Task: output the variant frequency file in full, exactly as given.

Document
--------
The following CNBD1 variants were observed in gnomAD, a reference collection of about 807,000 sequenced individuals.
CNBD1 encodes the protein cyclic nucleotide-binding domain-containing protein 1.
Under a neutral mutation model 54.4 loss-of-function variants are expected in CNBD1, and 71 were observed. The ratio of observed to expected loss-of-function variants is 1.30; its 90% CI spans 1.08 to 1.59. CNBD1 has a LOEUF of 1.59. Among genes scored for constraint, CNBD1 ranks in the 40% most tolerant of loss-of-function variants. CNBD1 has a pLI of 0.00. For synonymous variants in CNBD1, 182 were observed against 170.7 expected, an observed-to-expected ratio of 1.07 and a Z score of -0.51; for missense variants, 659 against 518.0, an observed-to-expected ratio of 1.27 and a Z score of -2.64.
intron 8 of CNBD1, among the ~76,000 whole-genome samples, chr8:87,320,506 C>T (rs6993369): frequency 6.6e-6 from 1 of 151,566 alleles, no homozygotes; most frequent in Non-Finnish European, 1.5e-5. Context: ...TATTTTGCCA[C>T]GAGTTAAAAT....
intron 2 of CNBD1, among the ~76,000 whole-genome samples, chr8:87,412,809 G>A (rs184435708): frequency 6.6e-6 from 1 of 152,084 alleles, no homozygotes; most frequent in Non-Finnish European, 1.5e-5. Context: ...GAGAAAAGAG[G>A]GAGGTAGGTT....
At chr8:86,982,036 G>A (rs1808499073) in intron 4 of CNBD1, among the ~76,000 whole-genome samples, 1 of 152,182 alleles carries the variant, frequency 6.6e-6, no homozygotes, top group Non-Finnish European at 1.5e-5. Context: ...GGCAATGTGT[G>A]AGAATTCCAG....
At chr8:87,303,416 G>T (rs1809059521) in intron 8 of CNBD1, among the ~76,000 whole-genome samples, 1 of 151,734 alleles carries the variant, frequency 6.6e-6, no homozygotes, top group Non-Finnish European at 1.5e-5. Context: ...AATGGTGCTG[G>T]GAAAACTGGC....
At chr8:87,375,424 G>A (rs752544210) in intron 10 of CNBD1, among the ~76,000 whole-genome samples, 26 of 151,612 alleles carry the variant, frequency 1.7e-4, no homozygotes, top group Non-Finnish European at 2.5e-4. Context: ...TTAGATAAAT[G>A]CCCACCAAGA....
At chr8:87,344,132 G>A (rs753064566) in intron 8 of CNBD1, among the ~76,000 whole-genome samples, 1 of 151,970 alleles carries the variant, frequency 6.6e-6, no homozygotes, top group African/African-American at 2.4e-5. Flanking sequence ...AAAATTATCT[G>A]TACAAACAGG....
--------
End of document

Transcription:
The following CNBD1 variants were observed in gnomAD, a reference collection of about 807,000 sequenced individuals.
CNBD1 encodes the protein cyclic nucleotide-binding domain-containing protein 1.
Under a neutral mutation model 54.4 loss-of-function variants are expected in CNBD1, and 71 were observed. The ratio of observed to expected loss-of-function variants is 1.30; its 90% CI spans 1.08 to 1.59. CNBD1 has a LOEUF of 1.59. Among genes scored for constraint, CNBD1 ranks in the 40% most tolerant of loss-of-function variants. CNBD1 has a pLI of 0.00. For synonymous variants in CNBD1, 182 were observed against 170.7 expected, an observed-to-expected ratio of 1.07 and a Z score of -0.51; for missense variants, 659 against 518.0, an observed-to-expected ratio of 1.27 and a Z score of -2.64.
intron 8 of CNBD1, among the ~76,000 whole-genome samples, chr8:87,320,506 C>T (rs6993369): frequency 6.6e-6 from 1 of 151,566 alleles, no homozygotes; most frequent in Non-Finnish European, 1.5e-5. Context: ...TATTTTGCCA[C>T]GAGTTAAAAT....
intron 2 of CNBD1, among the ~76,000 whole-genome samples, chr8:87,412,809 G>A (rs184435708): frequency 6.6e-6 from 1 of 152,084 alleles, no homozygotes; most frequent in Non-Finnish European, 1.5e-5. Context: ...GAGAAAAGAG[G>A]GAGGTAGGTT....
At chr8:86,982,036 G>A (rs1808499073) in intron 4 of CNBD1, among the ~76,000 whole-genome samples, 1 of 152,182 alleles carries the variant, frequency 6.6e-6, no homozygotes, top group Non-Finnish European at 1.5e-5. Context: ...GGCAATGTGT[G>A]AGAATTCCAG....
At chr8:87,303,416 G>T (rs1809059521) in intron 8 of CNBD1, among the ~76,000 whole-genome samples, 1 of 151,734 alleles carries the variant, frequency 6.6e-6, no homozygotes, top group Non-Finnish European at 1.5e-5. Context: ...AATGGTGCTG[G>T]GAAAACTGGC....
At chr8:87,375,424 G>A (rs752544210) in intron 10 of CNBD1, among the ~76,000 whole-genome samples, 26 of 151,612 alleles carry the variant, frequency 1.7e-4, no homozygotes, top group Non-Finnish European at 2.5e-4. Context: ...TTAGATAAAT[G>A]CCCACCAAGA....
At chr8:87,344,132 G>A (rs753064566) in intron 8 of CNBD1, among the ~76,000 whole-genome samples, 1 of 151,970 alleles carries the variant, frequency 6.6e-6, no homozygotes, top group African/African-American at 2.4e-5. Flanking sequence ...AAAATTATCT[G>A]TACAAACAGG....